Last week, I shared with the community a possible vision for Jewish Portland. It is not a subtle change – in many ways it is a revolutionary approach to Jewish life today. During this transformative time when definitions of Jewish community, Jewish peoplehood, and Judaism continue to be reexamined and challenged, we must recognize and admit that our Jewish communal organizations must change in dramatic ways. We need to do more than re-brand Jewish communal life – we must be proactive and reinvent our community for today and beyond.
Jewish NewCo (its name for discussion purposes) is one potential model to do this. But many will say (and have said), “Why should we do this? How can we do this? Has this ever been done before? And will it work?” All legitimate questions.
As I often like to do, let me share an example that I believe has many correlations.
In 2006, Alan Mullaly left his position as CEO of Boeing to take the top leadership position at Ford (let’s not dwell on the automaker’s founder’s past). At the time, the company basically mortgaged everything it could, including the rights to its famous blue oval logo, to raise the money necessary to fund a turnaround through difficult economic times. That resulted in an unbelievable $30 billion+ debt. It worked! Ford was able to continue funding product development through the worst of the economic downturn. And today, it is a success story with huge profits and an increasing market share. Mullaly created an organization that works because it is “One Ford.”
The “One Ford” approach is deceptively simple – it is about people “working together for the good of all of us.” In other words, run Ford as one company, with one set of products.
That might sound easy, but in practice, it was terribly complicated. Ford had 97 different automobile models under several different brands (each feeling independent from the other). They eventually reduced the total number of "nameplates" to close to 20. Fewer brands mean more focus in improving the quality of engineering.
"Brands" and "nameplates" in this context refer to model lines – for instance, while there are probably a dozen different variations of the new Ford Focus for different markets around the world, they all have many parts in common, can be produced on identical assembly lines, and came out of one design and engineering program.
That sounds like a sensible approach, but for years, that is not how it worked.
This, together with different consumer priorities in different parts of the world, led automakers to fragment their offerings over the years. For a long time, the Ford Focus sold in Europe was a completely different car from the one sold in the United States. Most automakers do this, to some extent. The Honda Accord you will find at a dealer in Germany, for instance, looks very different from the one sold here. In fact, it's a completely different car. On the other hand, a Toyota Corolla is a Toyota Corolla, no matter where you go – despite local variations and different versions (hatchback, sedan, coupe, wagon), the basic engineering and production requirements are the same.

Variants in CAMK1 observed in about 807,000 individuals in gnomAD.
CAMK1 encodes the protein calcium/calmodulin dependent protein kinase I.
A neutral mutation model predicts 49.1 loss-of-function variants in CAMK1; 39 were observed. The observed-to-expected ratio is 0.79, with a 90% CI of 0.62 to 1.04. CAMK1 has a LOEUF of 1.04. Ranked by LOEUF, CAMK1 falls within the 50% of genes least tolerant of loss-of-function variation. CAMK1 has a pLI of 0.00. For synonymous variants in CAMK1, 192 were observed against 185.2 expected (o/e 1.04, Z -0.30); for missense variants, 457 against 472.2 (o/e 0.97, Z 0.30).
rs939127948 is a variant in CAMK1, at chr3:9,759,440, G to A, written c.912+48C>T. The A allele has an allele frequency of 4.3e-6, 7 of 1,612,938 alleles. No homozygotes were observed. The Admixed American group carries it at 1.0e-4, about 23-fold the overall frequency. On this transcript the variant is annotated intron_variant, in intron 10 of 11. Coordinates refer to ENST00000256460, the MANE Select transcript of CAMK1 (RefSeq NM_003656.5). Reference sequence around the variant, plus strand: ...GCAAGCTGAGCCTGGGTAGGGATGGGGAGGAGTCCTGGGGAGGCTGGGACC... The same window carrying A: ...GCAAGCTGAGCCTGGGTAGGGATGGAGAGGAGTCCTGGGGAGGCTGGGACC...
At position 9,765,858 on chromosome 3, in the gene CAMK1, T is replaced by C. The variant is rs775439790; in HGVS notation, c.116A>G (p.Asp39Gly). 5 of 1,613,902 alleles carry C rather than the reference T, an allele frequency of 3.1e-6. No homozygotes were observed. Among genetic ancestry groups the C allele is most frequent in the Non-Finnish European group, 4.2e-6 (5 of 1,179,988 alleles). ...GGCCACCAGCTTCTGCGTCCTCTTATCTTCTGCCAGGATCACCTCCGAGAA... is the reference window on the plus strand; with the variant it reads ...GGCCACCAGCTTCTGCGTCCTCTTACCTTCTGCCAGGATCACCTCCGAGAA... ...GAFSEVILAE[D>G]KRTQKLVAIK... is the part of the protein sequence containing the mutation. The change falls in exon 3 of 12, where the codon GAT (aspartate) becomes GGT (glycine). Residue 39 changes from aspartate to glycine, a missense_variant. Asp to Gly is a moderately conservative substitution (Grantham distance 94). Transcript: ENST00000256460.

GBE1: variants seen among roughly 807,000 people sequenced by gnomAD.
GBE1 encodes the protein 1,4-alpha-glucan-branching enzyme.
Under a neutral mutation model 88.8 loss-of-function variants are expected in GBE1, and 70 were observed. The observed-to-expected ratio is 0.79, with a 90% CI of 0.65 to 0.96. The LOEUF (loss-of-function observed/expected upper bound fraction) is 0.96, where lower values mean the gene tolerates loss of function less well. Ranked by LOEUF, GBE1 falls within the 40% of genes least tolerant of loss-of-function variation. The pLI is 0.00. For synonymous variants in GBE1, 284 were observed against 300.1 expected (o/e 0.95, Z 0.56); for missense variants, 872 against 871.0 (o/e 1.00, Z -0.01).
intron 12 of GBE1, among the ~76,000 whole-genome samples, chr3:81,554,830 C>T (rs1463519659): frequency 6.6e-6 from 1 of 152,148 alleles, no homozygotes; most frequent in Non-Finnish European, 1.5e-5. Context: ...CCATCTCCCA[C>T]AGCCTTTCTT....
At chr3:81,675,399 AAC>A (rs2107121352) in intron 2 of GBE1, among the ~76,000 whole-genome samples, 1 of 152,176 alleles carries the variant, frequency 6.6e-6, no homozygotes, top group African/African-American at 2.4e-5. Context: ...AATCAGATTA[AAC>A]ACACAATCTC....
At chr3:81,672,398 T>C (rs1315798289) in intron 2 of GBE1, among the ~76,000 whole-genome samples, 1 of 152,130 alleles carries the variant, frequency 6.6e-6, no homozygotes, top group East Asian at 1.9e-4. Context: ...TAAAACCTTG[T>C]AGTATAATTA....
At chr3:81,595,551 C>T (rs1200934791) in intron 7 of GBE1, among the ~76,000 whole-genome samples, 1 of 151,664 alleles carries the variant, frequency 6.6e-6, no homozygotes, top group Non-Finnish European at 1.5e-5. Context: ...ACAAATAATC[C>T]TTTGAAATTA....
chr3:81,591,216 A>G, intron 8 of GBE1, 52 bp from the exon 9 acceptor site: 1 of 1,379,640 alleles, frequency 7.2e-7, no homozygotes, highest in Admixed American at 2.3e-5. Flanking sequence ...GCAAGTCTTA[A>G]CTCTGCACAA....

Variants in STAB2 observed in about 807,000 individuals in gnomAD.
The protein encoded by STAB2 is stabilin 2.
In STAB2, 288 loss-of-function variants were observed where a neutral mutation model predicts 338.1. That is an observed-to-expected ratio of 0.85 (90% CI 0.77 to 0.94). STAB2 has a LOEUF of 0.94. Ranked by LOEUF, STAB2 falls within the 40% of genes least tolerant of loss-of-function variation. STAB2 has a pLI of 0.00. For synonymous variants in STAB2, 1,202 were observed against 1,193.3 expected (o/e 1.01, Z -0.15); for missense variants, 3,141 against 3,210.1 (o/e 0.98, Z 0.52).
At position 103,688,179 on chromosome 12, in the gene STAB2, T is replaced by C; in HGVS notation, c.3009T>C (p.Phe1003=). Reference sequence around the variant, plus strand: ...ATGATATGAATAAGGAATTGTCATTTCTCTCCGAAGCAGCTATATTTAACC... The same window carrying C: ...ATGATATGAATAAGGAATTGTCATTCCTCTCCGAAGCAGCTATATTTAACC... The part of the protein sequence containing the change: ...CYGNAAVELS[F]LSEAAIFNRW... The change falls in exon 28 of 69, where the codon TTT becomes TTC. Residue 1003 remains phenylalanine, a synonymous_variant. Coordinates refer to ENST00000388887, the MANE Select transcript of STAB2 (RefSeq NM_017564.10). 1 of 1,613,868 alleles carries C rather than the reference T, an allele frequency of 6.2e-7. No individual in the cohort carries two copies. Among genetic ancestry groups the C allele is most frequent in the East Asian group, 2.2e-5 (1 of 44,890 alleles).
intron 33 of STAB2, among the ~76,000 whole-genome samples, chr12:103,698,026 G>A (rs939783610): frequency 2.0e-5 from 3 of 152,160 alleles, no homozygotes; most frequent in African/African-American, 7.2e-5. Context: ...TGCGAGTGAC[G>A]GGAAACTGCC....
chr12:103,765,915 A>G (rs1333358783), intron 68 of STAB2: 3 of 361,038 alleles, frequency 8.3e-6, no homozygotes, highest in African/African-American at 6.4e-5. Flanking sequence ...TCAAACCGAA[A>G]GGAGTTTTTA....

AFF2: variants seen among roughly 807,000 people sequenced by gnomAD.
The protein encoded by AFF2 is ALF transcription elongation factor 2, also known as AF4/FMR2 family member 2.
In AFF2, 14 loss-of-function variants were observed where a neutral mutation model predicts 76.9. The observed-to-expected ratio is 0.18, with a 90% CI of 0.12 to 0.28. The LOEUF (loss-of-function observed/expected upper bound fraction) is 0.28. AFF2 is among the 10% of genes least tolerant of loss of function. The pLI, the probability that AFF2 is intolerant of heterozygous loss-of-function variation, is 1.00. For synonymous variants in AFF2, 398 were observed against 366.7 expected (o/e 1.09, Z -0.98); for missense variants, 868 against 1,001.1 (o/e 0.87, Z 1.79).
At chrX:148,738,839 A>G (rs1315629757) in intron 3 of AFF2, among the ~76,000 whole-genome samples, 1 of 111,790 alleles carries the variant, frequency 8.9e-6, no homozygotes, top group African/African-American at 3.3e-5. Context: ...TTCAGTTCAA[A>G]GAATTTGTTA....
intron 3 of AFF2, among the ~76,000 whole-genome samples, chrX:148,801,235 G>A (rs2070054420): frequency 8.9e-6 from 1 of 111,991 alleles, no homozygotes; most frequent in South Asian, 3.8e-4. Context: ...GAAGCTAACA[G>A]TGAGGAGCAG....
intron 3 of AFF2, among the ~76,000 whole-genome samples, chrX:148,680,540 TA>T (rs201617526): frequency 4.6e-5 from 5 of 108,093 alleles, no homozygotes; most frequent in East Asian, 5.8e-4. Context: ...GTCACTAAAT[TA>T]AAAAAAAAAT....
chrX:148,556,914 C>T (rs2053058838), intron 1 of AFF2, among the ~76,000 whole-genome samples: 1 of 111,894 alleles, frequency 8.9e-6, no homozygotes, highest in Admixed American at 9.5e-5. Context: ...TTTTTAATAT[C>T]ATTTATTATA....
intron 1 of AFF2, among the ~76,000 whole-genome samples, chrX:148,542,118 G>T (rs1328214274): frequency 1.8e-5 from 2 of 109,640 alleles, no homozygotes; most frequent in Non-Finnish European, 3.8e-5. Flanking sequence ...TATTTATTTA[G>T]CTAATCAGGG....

Ford now has fewer models, each of which is sold in more markets. This reduces their fixed costs andincreases focus and refinement on each design.
After reading Ford’s website, here is their basic business strategy embodied in their “One Ford” plan:
- Aggressively restructure to operate profitably at the current demand and changing model mix.
- Accelerate development of new products customers want and value.
- Finance our plan and improve our balance sheet.
- Work together effectively as one team.
Building on this plan, “One Ford” encourages focus, teamwork and a single global approach toward a common definition of success. It emphasizes the importance of working together as one team to achieve automotive leadership, which is measured by the satisfaction of their customers, employees and essential business partners, such as dealers, investors, suppliers, and the communities in which they operate.
Ford is a multi-billion dollar business. Our Jewish community is a $29 million+ business (this does not include all aspects of Cedar Sinai Park). It is correct to say that Ford was already a single company. Our Jewish community has multiple organizations with multiple boards of directors. Yet, it was not until they developed the “One Ford” plan that the automaker succeeded in today’s marketplace.
I understand that making cars is not building a Jewish community. However in many ways, we are in the same business. We want more (satisfied) “customers” who continue to come back. We want to provide and create inspiring “products and services” that people desire. We have the opportunity for more “shared platforms” to reduce fixed costs. And we can work more effectively as a Jewish communal team. The one poignant difference between Ford and our Jewish community today is whether we have the true desire and willingness to work together for the good of ALL of us.
To paraphrase the “One Ford “ plan – the goal of Jewish NewCo is to align our communal efforts toward a common definition of success by having ONE team and ONE communal plan for an exciting, vibrant Jewish community for all.
As always, I look forward to your thoughts and comments.
PS – Mazel tov to Hesed Shel Emet Burial Society Project, developed by Cedar Sinai Park in collaboration with Jewish community agencies, synagogues and local funeral homes (in particular, Holman’s), which has been awarded the Jewish Programming Award by the Association of Jewish Aging Services of North America. We are particularly pleased to recognize the leadership and passion of Cedar Sinai Park’s Debbi Bodie whose energy and enthusiasm brought this project into being.